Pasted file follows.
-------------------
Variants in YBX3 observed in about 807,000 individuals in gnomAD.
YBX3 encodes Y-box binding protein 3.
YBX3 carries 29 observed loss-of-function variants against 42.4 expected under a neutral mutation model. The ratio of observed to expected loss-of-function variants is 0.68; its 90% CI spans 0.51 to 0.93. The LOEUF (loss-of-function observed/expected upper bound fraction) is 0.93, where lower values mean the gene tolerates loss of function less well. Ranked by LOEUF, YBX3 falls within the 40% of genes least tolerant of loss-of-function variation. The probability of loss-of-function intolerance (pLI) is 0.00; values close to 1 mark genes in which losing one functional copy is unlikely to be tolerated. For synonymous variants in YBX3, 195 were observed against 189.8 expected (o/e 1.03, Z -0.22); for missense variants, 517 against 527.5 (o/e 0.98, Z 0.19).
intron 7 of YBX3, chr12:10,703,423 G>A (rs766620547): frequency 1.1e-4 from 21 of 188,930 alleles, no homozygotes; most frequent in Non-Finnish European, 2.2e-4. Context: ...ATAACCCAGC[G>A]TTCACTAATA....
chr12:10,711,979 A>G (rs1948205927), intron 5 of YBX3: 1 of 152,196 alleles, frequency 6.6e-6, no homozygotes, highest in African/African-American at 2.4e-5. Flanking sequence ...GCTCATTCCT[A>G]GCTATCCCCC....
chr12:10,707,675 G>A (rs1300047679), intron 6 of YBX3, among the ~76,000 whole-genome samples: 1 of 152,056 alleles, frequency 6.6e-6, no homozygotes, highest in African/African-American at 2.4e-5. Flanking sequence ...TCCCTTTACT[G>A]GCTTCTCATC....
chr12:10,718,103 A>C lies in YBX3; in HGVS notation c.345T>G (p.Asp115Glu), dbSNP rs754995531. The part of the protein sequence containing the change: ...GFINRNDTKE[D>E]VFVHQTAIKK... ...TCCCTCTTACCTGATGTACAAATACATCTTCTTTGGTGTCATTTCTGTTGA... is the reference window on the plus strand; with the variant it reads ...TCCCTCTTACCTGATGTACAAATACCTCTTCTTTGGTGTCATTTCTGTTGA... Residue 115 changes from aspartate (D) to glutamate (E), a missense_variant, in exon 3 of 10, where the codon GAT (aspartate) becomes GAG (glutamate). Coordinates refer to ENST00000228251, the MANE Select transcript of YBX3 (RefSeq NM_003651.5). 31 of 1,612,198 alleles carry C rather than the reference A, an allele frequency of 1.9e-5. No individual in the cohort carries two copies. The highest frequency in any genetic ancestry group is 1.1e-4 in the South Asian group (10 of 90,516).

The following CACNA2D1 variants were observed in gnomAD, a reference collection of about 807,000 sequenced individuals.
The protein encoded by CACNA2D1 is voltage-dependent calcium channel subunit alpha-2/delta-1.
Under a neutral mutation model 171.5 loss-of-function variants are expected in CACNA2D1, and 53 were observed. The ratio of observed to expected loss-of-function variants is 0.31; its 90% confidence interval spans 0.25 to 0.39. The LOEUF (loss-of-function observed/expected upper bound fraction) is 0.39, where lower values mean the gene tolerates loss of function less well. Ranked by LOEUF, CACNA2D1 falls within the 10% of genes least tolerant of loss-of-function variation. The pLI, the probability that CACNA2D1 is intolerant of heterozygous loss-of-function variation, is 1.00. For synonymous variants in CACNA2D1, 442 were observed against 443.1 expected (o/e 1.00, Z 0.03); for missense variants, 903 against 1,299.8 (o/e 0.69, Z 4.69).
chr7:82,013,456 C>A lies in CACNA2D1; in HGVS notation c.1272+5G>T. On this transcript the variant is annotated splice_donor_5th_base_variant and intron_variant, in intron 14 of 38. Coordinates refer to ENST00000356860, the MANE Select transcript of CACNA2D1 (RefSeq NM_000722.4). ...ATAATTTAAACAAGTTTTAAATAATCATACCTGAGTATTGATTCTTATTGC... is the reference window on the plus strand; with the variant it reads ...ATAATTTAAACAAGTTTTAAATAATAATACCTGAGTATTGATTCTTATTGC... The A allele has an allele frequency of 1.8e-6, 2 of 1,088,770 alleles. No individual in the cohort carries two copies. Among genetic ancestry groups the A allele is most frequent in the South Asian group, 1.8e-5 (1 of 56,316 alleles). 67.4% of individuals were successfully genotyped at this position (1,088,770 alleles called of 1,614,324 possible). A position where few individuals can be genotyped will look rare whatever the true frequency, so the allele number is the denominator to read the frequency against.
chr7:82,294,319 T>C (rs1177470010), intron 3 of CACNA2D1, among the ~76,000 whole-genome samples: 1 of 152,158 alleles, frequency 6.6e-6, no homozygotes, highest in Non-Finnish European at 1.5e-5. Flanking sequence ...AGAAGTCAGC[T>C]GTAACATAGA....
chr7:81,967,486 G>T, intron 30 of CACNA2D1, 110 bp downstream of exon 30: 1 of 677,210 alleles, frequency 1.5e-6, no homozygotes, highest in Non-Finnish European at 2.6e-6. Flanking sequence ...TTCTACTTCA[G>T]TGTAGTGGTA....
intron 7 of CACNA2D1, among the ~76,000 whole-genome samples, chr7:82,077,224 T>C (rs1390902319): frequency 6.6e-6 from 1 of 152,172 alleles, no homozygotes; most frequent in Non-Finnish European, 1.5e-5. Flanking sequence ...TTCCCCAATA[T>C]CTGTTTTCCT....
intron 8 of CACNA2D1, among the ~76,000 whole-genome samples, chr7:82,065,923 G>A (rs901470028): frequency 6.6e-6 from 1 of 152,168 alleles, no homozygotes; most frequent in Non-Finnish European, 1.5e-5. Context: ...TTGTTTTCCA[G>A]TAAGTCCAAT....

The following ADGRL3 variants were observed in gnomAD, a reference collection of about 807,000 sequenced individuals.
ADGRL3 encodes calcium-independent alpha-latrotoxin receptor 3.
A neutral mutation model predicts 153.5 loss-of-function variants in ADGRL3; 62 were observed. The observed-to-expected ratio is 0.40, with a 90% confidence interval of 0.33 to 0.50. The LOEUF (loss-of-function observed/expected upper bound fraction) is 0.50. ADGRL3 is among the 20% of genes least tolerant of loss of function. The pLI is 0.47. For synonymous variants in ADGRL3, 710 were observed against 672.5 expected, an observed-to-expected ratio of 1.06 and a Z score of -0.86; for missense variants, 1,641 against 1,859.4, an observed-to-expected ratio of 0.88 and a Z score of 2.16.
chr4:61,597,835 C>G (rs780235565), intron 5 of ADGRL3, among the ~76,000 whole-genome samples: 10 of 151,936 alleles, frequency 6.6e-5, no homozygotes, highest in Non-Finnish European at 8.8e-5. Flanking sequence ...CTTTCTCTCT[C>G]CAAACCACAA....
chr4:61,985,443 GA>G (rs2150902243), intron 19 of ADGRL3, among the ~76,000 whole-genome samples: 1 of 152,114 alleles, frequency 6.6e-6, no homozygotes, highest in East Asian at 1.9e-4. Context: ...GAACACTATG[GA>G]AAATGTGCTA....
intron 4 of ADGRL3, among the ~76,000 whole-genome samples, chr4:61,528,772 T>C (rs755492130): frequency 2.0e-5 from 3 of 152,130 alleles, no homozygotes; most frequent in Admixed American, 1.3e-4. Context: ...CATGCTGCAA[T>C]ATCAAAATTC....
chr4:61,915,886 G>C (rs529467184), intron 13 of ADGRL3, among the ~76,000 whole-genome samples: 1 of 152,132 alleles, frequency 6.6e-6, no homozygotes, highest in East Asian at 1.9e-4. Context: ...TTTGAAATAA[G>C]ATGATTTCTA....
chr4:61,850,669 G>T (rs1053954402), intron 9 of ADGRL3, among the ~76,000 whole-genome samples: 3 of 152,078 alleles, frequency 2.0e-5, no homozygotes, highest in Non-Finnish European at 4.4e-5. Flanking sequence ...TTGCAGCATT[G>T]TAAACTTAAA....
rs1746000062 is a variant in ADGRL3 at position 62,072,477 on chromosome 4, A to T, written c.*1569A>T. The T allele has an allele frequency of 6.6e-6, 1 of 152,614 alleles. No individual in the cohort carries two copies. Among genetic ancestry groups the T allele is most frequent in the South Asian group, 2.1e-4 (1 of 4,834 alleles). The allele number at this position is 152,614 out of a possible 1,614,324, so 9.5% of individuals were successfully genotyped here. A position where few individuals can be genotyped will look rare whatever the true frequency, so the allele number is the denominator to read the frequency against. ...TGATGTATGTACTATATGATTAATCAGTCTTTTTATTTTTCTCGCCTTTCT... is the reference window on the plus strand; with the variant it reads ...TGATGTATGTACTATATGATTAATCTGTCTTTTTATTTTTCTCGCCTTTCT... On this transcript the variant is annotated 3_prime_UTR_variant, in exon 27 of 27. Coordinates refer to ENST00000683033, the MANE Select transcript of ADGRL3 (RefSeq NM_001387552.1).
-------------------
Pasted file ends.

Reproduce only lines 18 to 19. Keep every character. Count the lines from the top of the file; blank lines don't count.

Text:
A neutral mutation model predicts 153.5 loss-of-function variants in ADGRL3; 62 were observed. The observed-to-expected ratio is 0.40, with a 90% confidence interval of 0.33 to 0.50. The LOEUF (loss-of-function observed/expected upper bound fraction) is 0.50. ADGRL3 is among the 20% of genes least tolerant of loss of function. The pLI is 0.47. For synonymous variants in ADGRL3, 710 were observed against 672.5 expected, an observed-to-expected ratio of 1.06 and a Z score of -0.86; for missense variants, 1,641 against 1,859.4, an observed-to-expected ratio of 0.88 and a Z score of 2.16.
chr4:61,597,835 C>G (rs780235565), intron 5 of ADGRL3, among the ~76,000 whole-genome samples: 10 of 151,936 alleles, frequency 6.6e-5, no homozygotes, highest in Non-Finnish European at 8.8e-5. Flanking sequence ...CTTTCTCTCT[C>G]CAAACCACAA....